Photography can be as simple or complex as the artist whishes to make it. There are countless workflows to get an image from “scene to screen”. An amateur photographer could simply snap a picture with his or her iPhone and upload said image to Instagram in about 10 seconds, while on the other hand, a professional portrait photographer can spend hours and even days slaving over an image’s final result in a darkroom. Falling in between, many “prosumer” photographer use dedicated digital single lens reflex (DSLR) or mirrorless cameras, a computer based editing platform, and then a variety of online platforms to showcase their work.
With this workflow, first and foremost the photographer must have a subject to shoot! Everything in photography should revolve around this central idea, spanning from the equipment used, the time of day the images is taken, to the final color correction and medium. Next, the desired equipment (or the best equipment available) should be prepared for the shoot. Different lenses and camera bodies can serve different purposes and shooting styles. For example, and wide angle lens is great for landscapes, but distorts facial features for portraiture. Also, a DSLR has a higher shooting rate compared to a mirrorless camera making it better for fast moving nature and sports scenes. Once the gear is selected, cleaned, charged, and packed it’s time to shoot!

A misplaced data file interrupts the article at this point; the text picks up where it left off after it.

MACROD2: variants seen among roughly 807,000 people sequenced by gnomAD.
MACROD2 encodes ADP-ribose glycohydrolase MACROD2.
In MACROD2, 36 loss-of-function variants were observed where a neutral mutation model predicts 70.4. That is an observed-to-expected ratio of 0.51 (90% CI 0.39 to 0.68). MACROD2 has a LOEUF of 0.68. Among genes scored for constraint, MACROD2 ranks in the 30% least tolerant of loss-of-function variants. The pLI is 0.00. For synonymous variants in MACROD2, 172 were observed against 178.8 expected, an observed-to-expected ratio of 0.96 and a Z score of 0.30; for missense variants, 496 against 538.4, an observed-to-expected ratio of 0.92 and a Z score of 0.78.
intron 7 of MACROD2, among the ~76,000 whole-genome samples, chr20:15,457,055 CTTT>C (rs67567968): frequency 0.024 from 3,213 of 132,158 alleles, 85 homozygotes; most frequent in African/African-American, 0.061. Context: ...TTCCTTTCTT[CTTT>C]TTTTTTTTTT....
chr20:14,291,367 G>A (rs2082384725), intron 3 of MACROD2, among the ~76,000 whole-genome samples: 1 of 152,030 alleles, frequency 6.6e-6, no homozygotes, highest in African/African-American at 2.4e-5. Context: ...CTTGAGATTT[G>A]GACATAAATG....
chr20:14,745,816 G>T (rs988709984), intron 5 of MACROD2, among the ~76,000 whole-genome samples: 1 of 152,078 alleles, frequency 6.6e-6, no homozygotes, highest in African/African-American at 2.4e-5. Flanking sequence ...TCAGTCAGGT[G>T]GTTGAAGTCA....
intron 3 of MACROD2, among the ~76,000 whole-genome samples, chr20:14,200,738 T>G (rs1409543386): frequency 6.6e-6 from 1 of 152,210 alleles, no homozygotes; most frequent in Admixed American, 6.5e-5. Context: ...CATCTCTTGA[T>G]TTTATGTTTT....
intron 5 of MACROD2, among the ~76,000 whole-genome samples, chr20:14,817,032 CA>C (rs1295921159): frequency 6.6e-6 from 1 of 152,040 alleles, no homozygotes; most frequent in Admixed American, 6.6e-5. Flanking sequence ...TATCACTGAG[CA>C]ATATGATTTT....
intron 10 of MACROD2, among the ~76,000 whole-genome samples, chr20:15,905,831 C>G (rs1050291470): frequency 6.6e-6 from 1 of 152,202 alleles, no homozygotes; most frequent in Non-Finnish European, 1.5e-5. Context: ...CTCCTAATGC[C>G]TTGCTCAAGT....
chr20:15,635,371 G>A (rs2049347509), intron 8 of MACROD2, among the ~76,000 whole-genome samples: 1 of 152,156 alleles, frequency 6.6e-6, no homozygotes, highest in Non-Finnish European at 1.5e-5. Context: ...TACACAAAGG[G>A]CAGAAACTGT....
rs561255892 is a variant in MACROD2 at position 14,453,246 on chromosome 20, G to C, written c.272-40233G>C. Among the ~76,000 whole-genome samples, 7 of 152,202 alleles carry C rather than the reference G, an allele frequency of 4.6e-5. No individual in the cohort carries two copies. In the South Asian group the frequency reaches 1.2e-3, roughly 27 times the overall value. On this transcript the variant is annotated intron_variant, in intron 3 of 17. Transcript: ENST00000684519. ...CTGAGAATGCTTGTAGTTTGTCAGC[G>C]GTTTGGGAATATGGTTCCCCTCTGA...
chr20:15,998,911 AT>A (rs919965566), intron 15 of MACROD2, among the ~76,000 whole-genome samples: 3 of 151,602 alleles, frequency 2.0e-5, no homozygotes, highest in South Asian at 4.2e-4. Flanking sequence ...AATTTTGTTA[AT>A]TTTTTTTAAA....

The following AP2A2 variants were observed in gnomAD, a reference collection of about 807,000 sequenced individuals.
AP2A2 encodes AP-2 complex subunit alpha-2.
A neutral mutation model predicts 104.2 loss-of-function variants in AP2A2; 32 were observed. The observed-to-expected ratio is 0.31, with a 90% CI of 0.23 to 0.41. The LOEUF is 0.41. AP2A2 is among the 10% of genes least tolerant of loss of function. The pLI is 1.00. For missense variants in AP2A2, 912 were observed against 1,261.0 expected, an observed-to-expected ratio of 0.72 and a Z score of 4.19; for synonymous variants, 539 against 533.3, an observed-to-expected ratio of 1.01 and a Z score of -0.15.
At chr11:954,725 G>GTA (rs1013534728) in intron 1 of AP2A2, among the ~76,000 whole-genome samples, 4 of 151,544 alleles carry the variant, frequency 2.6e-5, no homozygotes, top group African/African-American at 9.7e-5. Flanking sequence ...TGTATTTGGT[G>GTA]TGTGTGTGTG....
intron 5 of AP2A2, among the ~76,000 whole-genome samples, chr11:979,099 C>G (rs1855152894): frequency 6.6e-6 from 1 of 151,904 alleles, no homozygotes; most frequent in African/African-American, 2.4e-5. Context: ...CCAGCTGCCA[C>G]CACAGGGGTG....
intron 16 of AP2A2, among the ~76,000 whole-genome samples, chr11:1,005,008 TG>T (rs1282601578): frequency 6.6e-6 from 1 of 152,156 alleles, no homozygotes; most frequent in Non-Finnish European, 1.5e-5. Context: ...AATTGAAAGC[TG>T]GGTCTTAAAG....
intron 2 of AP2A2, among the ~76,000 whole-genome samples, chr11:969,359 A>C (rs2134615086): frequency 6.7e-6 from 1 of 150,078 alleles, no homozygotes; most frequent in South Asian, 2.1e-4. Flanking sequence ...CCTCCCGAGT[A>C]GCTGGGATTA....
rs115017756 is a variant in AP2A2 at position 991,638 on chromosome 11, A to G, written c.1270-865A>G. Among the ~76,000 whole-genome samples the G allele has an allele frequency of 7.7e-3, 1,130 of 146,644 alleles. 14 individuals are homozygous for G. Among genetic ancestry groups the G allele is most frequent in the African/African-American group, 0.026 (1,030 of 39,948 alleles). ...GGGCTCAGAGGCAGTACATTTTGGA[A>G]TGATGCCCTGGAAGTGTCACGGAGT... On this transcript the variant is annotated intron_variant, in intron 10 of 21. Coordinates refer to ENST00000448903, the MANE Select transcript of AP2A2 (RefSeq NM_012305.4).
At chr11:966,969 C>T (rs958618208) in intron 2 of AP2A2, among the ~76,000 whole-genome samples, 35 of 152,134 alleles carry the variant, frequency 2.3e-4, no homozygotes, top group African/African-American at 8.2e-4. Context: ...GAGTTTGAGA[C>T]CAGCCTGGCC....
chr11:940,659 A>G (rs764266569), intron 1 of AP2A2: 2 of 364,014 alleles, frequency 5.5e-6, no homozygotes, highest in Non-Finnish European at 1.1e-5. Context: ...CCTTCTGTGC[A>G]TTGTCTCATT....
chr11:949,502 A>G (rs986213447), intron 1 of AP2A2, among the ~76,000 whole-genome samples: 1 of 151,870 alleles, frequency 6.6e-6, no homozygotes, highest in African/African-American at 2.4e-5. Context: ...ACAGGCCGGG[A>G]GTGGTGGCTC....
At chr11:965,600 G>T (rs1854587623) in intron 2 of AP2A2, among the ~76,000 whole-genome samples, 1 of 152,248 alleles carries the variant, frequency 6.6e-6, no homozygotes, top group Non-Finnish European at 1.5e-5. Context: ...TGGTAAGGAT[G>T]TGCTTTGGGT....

On location composition and camera settings are of upmost importance. While a vast amount of image modification can be done in post production, if done correctly when shooting it makes editing much easier. With digital photography, the amount of images able to be captured is in the thousands with a modern memory card. Therefore, it is usually a good ideas to capture more images that needed, worst case they can be deleted later. After the shoot is complete, pack up and it’s off to the editing suite.
The captured photos now need to be imported into a cataloging and editing program, the industry standard being Adobe Lightroom. In Lightroom photos can be organized, edited to create the desired effect, and then exported to a variety of image formats. It is best practice to first organize images either by date captured or image type and then edit. Editing is as much science as it is art, knowing the technical limitation of what each slider does in the program is a powerful tool to make great photographs. Once the desired look has been achieved the Lightroom export module can be used to batch export images to share with family, friends, or clients to a variety of platforms such as Facebook, 500PX or a personal website.